The Dietary Inflammatory Index Is Directly Associated With Polycystic Ovary Syndrome

A Case-Control Study

Elnaz Zirak Sharkesh; Seyed A. Keshavarz; Leila Nazari; Behnood Abbasi

Disclosures

Clin Endocrinol. 2022;96(5):698-706. 

In This Article

Results

The mean ± SD age of the study subject was 29.67 ± 5.92 years. The mean ± SD BMI was 24.51 ± 4.71 kg/m2. The mean score of DII across study population was −3.84 ± 8.56 and 0.98.

The characteristics of sociodemographic, physical activity, anthropometrics, and mean DII score of PCOS patients and control groups are indicated in Table 1. Compared with controls subjects, PCOS patients had significantly higher weight, BMI, and WC, but had lower physical activity. Also, the subjects in the case group had higher intake of vitamin D and folic acid supplements and lower intake of omega-3 supplements compared to the control group. The level of education was significantly higher in the control group compared to the case group. Furthermore, no significant differences were found for other characteristics between cases and control groups.

Table 2 illustrates the macro- and micronutrients and the intakes of food groups in PCOS patients versus controls groups. PCOS subjects had higher intakes of carbohydrate, cholesterol, and refined grains, but lower intakes of PUFA, fibre, vitamin B12, vitamin D, and dairy as compared to controls. There were no significant differences between the PCOS group and controls for all other dietary intakes.

General characteristics and dietary intake of subjects across quartiles of DII are presented in Table 3. Compared with those in the lowest quartiles of DII, subjects in the highest quartiles had lower age. No other significant difference was found in other general characteristics across quartiles of DII. Also, individuals in the highest quartiles of DII had higher intake of energy, carbohydrate, protein, total fat, SFAs, cholesterol, MUFA, PUFA, sodium, vitamin B12, refined grains, and red and processed meat as well as a lower intake of fibre, fructose, glucose, potassium, phosphor, calcium, iron, zinc, magnesium, chromium, caffeine, vitamin C, vitamin B6, B9, dairy, fruits, and vegetables compared with those in the bottom quartiles.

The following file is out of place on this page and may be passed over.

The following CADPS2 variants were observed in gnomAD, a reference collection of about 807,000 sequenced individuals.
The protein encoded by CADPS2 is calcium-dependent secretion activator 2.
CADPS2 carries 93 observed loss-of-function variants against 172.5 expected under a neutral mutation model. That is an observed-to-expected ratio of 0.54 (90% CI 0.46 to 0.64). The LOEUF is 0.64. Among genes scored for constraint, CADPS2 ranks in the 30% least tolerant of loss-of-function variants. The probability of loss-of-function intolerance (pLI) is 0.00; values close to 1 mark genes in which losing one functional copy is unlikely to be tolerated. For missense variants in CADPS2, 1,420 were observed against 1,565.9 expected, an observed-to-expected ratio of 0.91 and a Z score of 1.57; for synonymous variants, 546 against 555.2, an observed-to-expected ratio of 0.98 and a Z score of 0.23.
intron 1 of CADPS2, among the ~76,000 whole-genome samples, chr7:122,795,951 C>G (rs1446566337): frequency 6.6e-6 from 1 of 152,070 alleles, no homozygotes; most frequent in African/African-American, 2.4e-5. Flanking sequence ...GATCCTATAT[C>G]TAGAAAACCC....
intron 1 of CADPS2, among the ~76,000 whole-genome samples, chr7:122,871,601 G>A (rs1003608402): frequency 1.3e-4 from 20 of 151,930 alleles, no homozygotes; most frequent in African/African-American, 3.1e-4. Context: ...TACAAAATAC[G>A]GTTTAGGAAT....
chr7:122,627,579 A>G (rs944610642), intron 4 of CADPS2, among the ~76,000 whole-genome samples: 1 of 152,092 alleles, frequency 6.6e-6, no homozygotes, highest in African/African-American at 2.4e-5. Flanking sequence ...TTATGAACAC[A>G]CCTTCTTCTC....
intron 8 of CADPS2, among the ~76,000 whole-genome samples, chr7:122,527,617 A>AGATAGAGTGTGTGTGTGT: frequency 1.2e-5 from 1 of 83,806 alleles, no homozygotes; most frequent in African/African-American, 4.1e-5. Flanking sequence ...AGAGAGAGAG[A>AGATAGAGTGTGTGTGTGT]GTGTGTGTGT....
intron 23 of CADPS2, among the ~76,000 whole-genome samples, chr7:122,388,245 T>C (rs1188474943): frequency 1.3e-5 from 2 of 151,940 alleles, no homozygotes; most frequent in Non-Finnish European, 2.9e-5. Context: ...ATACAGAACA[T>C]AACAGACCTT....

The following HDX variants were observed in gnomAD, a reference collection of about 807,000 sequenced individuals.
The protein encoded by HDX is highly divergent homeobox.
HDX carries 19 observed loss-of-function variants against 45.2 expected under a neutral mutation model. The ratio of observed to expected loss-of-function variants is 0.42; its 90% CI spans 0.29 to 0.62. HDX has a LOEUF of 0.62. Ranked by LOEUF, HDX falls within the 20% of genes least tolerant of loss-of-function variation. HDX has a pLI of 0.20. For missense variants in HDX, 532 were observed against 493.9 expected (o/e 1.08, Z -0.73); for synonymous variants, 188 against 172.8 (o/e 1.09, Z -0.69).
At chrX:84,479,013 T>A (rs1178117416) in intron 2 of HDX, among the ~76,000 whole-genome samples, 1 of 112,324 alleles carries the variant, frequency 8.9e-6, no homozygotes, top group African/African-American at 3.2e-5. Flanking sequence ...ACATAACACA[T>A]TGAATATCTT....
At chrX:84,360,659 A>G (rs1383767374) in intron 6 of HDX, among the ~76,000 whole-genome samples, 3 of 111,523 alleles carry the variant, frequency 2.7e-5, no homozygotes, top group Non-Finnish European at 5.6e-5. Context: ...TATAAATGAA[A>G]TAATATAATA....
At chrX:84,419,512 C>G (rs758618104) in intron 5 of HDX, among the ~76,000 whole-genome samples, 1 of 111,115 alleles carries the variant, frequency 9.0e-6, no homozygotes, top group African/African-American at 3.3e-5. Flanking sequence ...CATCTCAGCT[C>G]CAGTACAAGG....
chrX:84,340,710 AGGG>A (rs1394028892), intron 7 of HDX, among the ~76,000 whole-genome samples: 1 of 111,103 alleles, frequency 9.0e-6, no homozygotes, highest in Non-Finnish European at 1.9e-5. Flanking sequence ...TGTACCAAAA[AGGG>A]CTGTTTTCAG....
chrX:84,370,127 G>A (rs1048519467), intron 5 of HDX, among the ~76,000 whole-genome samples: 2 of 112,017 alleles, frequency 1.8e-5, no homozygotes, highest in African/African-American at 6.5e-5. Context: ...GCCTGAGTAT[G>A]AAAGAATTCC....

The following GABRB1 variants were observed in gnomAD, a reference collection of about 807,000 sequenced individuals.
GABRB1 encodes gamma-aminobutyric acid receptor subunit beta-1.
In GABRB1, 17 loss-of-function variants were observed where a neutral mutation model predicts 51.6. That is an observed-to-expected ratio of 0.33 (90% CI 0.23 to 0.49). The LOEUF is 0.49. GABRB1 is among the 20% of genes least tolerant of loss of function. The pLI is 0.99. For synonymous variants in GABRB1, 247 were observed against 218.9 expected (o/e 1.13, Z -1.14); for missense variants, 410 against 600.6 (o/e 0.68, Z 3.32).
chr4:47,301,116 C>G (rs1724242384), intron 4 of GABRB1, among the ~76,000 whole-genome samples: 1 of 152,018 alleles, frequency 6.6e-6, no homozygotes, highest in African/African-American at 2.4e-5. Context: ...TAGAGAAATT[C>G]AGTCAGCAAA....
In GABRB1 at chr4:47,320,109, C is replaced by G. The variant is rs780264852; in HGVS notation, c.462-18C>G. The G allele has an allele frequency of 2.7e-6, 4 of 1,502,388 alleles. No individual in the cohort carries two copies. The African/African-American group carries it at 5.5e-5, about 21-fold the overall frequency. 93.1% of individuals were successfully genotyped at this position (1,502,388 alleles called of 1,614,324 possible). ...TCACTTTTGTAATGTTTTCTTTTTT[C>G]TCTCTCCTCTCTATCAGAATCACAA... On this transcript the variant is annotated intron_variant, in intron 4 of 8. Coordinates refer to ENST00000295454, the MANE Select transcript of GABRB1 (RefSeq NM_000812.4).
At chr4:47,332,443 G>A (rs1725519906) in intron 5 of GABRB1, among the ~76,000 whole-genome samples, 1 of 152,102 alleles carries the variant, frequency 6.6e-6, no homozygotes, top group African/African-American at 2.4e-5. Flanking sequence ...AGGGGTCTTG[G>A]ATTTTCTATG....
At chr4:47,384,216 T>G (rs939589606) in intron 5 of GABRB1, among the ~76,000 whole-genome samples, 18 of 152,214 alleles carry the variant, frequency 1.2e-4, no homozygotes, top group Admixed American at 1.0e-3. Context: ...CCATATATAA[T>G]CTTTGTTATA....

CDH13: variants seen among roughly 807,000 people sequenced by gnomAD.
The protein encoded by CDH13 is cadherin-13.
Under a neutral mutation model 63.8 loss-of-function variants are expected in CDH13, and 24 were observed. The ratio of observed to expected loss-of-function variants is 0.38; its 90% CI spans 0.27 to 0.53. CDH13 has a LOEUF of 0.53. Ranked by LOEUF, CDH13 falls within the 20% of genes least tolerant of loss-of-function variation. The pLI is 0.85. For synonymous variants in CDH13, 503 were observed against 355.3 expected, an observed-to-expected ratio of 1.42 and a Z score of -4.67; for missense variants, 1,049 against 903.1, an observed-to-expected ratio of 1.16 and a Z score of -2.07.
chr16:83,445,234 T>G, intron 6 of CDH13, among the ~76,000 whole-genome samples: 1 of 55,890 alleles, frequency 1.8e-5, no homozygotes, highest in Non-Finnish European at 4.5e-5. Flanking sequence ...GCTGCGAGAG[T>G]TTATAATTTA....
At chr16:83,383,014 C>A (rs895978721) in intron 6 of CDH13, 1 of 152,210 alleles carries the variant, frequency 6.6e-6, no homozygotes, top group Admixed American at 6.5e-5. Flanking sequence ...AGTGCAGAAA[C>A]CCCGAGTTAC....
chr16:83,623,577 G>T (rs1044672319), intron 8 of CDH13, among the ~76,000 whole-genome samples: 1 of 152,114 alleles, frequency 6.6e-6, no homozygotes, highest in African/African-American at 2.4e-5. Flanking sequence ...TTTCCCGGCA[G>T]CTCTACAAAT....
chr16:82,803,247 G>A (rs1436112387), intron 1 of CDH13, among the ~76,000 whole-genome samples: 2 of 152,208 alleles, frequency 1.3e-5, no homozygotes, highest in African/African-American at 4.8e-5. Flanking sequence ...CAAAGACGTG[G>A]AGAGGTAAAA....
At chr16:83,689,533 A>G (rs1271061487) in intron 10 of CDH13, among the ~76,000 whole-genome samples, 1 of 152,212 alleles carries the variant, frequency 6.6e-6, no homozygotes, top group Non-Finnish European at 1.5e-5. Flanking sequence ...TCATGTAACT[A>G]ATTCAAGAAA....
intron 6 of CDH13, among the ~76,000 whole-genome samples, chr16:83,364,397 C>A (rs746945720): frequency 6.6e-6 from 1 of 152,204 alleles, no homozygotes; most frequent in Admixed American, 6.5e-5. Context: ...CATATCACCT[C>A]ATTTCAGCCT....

The ORs and 95% CIs for PCOS subjects based on the quartiles of DII score are reported in Table 4. In the crude model, the DII was directly associated with the risk of PCOS, with an OR of 1.60 for the highest quartile, as compared to the lowest quartile (p for trend = .025). However, after we adjusted for age and BMI (in the Adjusted Model 1), no significant association was found between DII index and the risk of PCOS (OR = 1.47, 95% CI: 0.85–2.53; p = .071 for trend). Although, after adjusting for confounders according to the second model (adjusted based on Model 1 and weight, WC, education status, marital status, physical activity, and use of multivitamin mineral supplements, vitamin D supplements, folic acid supplements, and omega 3 supplements), those in the highest quartile of the DII index had significantly higher risk of PCOS than those in the lowest quartile (OR = 1.75, 95% CI: 0.95—3.22; p for trend = .047).

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